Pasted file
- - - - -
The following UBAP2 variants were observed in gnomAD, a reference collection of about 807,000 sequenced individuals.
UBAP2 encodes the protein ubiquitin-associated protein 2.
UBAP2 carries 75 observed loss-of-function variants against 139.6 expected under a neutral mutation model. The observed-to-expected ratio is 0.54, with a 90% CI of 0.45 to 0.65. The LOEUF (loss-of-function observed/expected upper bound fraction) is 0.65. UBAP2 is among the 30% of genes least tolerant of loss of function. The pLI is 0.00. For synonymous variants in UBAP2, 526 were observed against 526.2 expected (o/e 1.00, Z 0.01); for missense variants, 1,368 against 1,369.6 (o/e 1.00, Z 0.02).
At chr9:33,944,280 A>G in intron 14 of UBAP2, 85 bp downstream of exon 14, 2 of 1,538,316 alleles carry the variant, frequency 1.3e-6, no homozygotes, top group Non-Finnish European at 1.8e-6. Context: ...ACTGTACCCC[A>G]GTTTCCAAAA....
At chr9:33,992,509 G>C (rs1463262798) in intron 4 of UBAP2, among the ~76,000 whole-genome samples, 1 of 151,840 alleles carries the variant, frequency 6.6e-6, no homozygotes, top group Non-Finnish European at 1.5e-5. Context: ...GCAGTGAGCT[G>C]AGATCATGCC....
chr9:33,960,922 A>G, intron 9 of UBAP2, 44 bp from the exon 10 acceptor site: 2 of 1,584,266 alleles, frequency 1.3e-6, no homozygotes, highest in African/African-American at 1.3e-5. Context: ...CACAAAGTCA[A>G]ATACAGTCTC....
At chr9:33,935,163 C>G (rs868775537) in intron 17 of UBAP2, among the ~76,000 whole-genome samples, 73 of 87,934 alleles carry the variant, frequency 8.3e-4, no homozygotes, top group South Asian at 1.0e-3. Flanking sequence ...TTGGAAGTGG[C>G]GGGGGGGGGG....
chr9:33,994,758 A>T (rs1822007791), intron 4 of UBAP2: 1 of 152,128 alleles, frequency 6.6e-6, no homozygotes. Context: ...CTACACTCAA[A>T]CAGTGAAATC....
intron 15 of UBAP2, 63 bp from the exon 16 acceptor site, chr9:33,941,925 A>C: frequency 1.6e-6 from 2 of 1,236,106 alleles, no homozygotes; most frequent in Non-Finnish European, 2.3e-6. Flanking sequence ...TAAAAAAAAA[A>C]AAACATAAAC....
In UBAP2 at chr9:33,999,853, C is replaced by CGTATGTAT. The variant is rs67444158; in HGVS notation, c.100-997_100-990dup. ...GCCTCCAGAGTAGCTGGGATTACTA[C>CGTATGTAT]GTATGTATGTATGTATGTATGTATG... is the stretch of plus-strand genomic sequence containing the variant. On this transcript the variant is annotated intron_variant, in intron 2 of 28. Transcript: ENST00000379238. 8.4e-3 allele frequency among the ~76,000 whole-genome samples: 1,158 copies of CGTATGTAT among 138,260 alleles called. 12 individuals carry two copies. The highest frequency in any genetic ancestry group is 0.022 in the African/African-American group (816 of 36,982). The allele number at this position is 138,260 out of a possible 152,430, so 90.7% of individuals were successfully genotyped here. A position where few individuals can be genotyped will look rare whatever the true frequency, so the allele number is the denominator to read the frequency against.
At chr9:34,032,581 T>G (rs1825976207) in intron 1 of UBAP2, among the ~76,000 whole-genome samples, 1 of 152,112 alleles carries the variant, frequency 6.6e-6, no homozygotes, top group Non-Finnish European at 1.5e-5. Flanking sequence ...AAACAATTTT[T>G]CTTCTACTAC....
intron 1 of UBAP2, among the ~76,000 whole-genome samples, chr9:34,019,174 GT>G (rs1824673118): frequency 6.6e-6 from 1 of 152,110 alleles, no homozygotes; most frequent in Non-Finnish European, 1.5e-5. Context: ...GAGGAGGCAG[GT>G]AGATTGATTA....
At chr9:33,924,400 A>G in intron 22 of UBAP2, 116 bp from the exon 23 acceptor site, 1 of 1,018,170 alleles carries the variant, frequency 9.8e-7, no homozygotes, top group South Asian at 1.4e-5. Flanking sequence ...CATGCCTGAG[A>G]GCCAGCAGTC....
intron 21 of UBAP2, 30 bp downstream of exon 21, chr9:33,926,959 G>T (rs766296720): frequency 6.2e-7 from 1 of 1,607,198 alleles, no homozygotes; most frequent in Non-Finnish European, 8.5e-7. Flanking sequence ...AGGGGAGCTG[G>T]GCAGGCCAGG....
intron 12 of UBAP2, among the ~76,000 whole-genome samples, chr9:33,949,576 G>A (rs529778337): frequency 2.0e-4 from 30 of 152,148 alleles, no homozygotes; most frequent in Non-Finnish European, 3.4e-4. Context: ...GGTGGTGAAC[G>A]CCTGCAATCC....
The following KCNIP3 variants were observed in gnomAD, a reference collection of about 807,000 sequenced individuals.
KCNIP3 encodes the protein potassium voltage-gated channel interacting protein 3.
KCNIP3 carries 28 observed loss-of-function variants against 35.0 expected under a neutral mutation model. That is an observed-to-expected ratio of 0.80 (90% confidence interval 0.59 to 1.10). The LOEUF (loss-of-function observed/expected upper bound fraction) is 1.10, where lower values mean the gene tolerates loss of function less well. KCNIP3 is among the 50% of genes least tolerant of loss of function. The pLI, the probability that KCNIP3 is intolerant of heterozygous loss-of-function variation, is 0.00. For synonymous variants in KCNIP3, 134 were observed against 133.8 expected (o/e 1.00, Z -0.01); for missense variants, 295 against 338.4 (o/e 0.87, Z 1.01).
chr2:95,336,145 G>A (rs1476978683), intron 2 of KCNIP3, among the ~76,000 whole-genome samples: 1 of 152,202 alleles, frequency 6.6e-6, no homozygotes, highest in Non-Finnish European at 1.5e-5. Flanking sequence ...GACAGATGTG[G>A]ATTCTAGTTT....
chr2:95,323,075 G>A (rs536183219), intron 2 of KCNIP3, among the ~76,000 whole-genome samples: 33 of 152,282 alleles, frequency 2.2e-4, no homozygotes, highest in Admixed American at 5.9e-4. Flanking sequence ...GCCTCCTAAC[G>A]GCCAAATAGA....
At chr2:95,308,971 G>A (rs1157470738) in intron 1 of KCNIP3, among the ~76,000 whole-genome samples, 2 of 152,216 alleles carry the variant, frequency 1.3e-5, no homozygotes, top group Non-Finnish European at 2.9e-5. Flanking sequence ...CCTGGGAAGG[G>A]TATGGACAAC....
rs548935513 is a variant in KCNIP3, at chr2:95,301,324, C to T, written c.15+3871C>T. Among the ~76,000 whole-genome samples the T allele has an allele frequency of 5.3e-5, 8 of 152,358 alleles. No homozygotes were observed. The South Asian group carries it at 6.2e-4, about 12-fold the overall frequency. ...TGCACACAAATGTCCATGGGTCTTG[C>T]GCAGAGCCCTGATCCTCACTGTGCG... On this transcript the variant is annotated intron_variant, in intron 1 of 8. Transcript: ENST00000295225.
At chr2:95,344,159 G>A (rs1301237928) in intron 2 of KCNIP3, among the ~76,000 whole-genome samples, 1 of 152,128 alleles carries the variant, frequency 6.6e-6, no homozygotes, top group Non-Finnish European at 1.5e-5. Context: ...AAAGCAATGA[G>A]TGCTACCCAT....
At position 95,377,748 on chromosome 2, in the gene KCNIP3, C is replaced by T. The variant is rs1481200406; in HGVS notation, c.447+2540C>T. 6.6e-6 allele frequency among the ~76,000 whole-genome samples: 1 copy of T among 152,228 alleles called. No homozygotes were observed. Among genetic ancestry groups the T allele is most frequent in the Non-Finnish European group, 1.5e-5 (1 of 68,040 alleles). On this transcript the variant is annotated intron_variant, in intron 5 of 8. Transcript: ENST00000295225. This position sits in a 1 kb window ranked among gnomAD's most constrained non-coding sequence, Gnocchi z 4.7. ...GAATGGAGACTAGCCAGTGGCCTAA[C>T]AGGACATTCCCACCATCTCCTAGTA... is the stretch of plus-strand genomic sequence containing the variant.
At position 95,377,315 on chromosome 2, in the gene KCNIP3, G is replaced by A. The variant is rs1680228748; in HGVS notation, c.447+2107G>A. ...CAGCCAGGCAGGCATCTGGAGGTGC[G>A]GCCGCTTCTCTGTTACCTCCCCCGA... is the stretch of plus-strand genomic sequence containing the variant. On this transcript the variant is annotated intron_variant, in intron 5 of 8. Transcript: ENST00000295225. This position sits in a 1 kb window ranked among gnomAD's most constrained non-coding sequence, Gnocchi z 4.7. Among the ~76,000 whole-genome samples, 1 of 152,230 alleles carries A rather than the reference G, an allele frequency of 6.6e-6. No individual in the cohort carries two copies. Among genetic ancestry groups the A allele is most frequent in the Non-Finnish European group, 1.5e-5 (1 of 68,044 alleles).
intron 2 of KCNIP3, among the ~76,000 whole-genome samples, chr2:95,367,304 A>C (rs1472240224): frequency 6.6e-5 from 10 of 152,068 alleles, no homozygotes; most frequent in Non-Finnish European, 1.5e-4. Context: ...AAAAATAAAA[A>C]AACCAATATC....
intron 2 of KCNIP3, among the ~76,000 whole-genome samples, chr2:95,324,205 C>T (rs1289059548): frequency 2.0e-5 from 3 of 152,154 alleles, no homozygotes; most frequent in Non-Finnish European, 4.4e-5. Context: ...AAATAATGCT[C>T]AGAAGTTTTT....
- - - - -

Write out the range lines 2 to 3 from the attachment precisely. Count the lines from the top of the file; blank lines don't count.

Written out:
UBAP2 encodes the protein ubiquitin-associated protein 2.
UBAP2 carries 75 observed loss-of-function variants against 139.6 expected under a neutral mutation model. The observed-to-expected ratio is 0.54, with a 90% CI of 0.45 to 0.65. The LOEUF (loss-of-function observed/expected upper bound fraction) is 0.65. UBAP2 is among the 30% of genes least tolerant of loss of function. The pLI is 0.00. For synonymous variants in UBAP2, 526 were observed against 526.2 expected (o/e 1.00, Z 0.01); for missense variants, 1,368 against 1,369.6 (o/e 1.00, Z 0.02).